“Your lordship,” he said. “I’ll talk to Varus. He must not realize what he’s doing. When he does he, well, he won’t.”

“Will he believe you?” Wisdom asked. the ravens laughed.

The bearded man didn’t speak for a moment, but thunder boomed within the great cavern. The eye Corylus could see beneath the hat’s broad brim glittered like a light-struck sapphire.

“The Twelve have caught your friend, boy!” the bearded man said. “He won’t listen to you, he can’t.”

“If Gaius Varus dies now, the Twelve will not have time to find another cat’s paw . . . ,” said Wisdom. The bird’s tone was musing, not imperative. “Nemastes will shift the fire onto them instead.”

“Many men have died,” said Memory. “Throughout all time, every man born on Midworld has died –”

“– or will die,” Wisdom concluded.

“This Varus will destroy Nemastes,” the bearded man said, “and the Twelve will destroy Midworld. Unless you act, warrior!”

“Your lordship,” said Corylus. He swallowed; his mouth was very dry. “I will not.”

“Fool!” said the bearded man.

“And yet,” said Memory, “you have not always acted on the knowledge that you yourself bought at such a price, One-Eye.”

“The regret of a friend’s murder would be a terrible thing,” said Wisdom. “Better perhaps that Midworld should die; in fire this time.”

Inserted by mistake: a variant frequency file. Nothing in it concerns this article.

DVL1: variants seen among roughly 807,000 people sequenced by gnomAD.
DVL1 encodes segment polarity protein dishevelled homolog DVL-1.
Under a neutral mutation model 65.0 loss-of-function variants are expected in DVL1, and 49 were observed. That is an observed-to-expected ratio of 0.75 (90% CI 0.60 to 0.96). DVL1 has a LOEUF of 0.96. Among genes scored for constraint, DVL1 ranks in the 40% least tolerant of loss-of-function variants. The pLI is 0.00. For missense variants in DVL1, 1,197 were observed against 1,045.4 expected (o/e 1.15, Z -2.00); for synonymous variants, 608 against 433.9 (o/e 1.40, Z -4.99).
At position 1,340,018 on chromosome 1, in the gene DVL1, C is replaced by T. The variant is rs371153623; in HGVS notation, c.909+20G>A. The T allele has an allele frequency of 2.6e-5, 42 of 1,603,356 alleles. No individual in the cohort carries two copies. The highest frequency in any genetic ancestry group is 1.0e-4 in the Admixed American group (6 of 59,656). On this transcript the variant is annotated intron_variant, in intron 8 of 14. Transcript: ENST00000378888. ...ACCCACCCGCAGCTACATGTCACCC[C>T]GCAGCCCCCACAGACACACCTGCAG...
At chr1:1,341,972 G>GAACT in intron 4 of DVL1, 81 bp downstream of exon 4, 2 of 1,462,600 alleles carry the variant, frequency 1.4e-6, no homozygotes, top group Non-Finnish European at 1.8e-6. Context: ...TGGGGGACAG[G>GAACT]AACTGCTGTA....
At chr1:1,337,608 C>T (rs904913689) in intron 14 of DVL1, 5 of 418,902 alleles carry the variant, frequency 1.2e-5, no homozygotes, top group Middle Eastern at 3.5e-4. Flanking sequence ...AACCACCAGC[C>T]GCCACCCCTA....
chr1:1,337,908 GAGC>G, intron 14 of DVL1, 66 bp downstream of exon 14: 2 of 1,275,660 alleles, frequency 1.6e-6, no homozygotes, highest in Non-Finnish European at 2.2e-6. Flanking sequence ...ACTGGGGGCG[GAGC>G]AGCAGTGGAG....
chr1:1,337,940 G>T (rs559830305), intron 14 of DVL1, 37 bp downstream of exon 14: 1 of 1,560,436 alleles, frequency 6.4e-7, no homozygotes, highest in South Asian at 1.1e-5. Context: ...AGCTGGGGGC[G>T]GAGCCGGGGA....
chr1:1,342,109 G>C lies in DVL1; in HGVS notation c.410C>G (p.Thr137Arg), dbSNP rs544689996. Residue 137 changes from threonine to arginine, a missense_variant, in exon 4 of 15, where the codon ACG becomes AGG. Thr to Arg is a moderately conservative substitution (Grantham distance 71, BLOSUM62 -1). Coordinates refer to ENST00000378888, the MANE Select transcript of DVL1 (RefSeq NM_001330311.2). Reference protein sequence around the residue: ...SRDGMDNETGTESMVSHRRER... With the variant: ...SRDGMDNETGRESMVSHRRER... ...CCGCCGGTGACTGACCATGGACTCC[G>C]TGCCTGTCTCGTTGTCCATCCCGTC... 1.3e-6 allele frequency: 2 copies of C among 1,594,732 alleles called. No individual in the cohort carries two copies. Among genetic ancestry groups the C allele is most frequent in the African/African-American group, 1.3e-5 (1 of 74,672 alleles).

“As before it died in ice,” agreed Memory. “Better by far.”

“Fool!” repeated the bearded man, rising from the throne. He was greater than the cavern; its ceiling split in thunder, and the starry universe above burst more loudly still.

Corylus was falling. He would have shouted, but he had no breath in his lungs. He flailed in nothingness —

And shot upright. He was in the servant’s alcove of Varus’ suite. Moonlight streamed through the clerestory windows in the outside wall.

Corylus’ legs were cold. When he rubbed them, he found that his bare feet were wet with crystals of melting ice. He took a deep breath.

He’d thrown the coverlet off in the night; he hadn’t needed it in this weather. Smiling grimly, he tugged it up to cover his legs, then lay back on the couch and twitched shut the curtain.

He didn’t remember when he’d been so tired. He was asleep in moments, and he didn’t dream.